Candled Natural Pearls

Lagoon Island Pearls

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Dec 8, 2009
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I've been candling and photographing several natural pearls lately and selected a few that you might find interesting.

It's an excellent alternative to the otherwise expensive process of X-ray from the labs.

Candled natural pearlsCandled natural pearls 2Candled natural pearls 3Image4.jpgImage5.jpgImage6.jpgImage7.jpgImage8.jpgImage10.jpgImage15.jpg
 
what amazing pictures - all the pearls bar one, look like they could still be floating in the ocean - like those stange creatures you sometimes see photos of near the bottom - there's just something 'marine' about them

thanks for posting them Dave
 
This is very hard to photograph. Hmmm... Gonna search for more suggestions to achieve such nice results.
 
It's easy. I used a grey plastic jewelry box, about 1.5 inches square. I drilled a small hole in the bottom and a notch in the side. The hole can be any size smaller than the pearls to be examined. (I made a few of different sizes) Then I soldered an inexpensive LED to the wires of a used 12 volt adapter and place it under the inverted box, the notch allows it to lay flat over the wire.

Then you can use the camera's macro setting or a low power USB microscope to photograph your pearls.
 
Another turn-on. Like little universes unto themselves - endlessly fascinating. :cool:
 
Hi Dave,

Great info. Thanks for posting this.

What type of lighting, camera, etc. do you use to candle these pearls?
I tried to do this using a normal torch.. err... flashlight to you Americans. Would that suffice?
 
I tried to do this using a normal torch.. err... flashlight to you Americans. Would that suffice?

I expanded on the idea from Steve (smetzler) who used a flashlight to candle his pearls. I like the LED box, because it sets nicely on a table or countertop, leaving hands free to set critical focus and run the computer.

And I'm Canadian :D
 
Re: Canadian... Oh right.. sorry... hahaha...

Re: setup for candling...
I picked up a few bluish SSP at the Indonesian Pearl Festival the other day (umm, I am still holding out on pics on you guys).. I was told by one vendor that the blue color is a result of "impurities" in the water that is filtered through by the oysters during the cultivation period. Not being a scientist, I don't even know if this explanation even makes sense. Could this be true?

Curious, I put a torch (flashlight.. ;) heheheh) against all my blue-casted pearls and found that indeed they all have spots/marks throughout the nacre. One green keshi I picked up had the yellow colored nacre with this spots/marks throughout, which I assume is why the keshi is green colored.

I'm going to have to see if I can have a setup like yours and post pics.
 
I was told by one vendor that the blue color is a result of "impurities" in the water that is filtered through by the oysters during the cultivation period. Not being a scientist, I don't even know if this explanation even makes sense. Could this be true?

You were misinformed. The physiology of the graft donor determines color. Some farmers will suggest their pearls have a "tinge" of color apart from other farmers, but I think it's because of regional genetic diversity not necessarily the quality of the water. Any variations are slight, not pronounced. We hear all kinds of tales of black pearls from brackish waters and such, but most are just fables attached to dyed or otherwise misrepresented pearls.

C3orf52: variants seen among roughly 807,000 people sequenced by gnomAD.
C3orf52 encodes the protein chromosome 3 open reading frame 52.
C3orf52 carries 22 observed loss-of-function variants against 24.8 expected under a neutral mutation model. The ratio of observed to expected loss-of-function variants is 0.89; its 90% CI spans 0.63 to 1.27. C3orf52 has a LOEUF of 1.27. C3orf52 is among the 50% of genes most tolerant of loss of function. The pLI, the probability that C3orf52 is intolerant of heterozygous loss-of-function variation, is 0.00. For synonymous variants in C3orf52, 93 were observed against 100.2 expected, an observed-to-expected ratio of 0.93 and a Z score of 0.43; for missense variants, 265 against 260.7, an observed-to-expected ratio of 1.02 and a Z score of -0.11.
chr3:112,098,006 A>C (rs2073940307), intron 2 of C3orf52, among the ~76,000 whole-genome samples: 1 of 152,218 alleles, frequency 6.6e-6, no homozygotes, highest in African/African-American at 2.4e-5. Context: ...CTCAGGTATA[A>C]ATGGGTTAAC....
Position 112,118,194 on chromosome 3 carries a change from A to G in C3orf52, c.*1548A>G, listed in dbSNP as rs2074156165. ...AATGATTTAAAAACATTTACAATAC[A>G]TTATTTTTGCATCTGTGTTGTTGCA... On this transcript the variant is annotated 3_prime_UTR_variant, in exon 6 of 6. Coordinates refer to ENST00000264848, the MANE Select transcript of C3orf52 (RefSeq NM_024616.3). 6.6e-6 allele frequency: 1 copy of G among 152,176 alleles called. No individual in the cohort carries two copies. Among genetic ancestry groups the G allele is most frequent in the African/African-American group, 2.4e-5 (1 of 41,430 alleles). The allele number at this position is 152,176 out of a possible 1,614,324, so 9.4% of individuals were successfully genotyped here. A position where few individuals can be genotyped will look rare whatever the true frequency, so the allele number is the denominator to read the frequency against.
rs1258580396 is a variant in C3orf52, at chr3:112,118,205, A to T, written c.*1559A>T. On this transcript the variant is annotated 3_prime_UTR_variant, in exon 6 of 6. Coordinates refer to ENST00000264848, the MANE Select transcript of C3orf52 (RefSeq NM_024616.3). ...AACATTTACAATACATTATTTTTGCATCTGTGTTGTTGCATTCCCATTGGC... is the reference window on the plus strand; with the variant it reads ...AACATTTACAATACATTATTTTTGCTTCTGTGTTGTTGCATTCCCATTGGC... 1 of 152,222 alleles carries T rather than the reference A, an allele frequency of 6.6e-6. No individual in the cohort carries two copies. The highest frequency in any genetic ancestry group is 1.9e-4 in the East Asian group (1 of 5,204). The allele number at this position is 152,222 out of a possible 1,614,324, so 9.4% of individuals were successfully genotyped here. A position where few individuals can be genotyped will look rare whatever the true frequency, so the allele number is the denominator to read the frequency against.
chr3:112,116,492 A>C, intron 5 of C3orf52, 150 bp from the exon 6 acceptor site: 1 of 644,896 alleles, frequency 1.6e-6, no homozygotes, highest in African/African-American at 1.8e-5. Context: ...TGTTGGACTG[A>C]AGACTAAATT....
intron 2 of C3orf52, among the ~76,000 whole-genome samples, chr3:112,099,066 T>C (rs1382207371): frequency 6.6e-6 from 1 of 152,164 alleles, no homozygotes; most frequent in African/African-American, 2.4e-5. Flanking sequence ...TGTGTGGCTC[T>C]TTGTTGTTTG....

Ambient seawater never contacts the pearl during growth. In every case, elements are uptaken metabolically at an atomic level then reintroduced into the bloodstream. The term "impurities" is meaningless because the entire ocean is made up of millions of combinations of elements, minerals, pathogens and other chemical differences. Shellfish do not eat everything they contact, in fact the opposite is true. They eat only what they can digest at that particular time of year. The remainder of compounds collected are expelled as pseudo-feces.

Here in Canada, we have a lot of freshwater streams and marine estuaries with different elemental compositions from the upland. These differences are detectable in some shells, but pigmentation as a result is not a marker that precedes genetic expression.

Vegetarians don't turn green.
 
You were misinformed. The physiology of the graft donor determines color.

Vegetarians don't turn green.


Are you saying that environmental conditions and the host mollusk has no effect on the color?

Also I'll bring up that flamingos turn pink because of the beta carotene in their diet, same goes for salmon flesh.
 
Love this! Thank you, I will try these suggestions and see what turns up ;)

Vegetarians don't turn green. LOL Thank goodness for that, I don't think green is my color. But the first thing I thought of was the flamingo :cool:
 
Are you saying that environmental conditions and the host mollusk has no effect on the color?

Also I'll bring up that flamingos turn pink because of the beta carotene in their diet, same goes for salmon flesh.

Haha!! I was going to mention ethat, but decided to keep it simple.

If shellfish and flamingos ate the same food it might be the case, but they don't. Even if they did, then it would not be considered an impurity. Shellfish eat single celled or slightly larger organisms. Highly pigmented organisms are far too complexed and large to be ingested by shellfish.
 
Are you saying that environmental conditions and the host mollusk has no effect on the color?

I didn't say that. I mentioned farmers sometimes suggest a "tinge" of color difference, but there is no supporting evidence that this is solely an environmental factor, because for this to be true, the entire harvest would be affected and we'd be able to identify pearls from specific farms just by eyesight.
 
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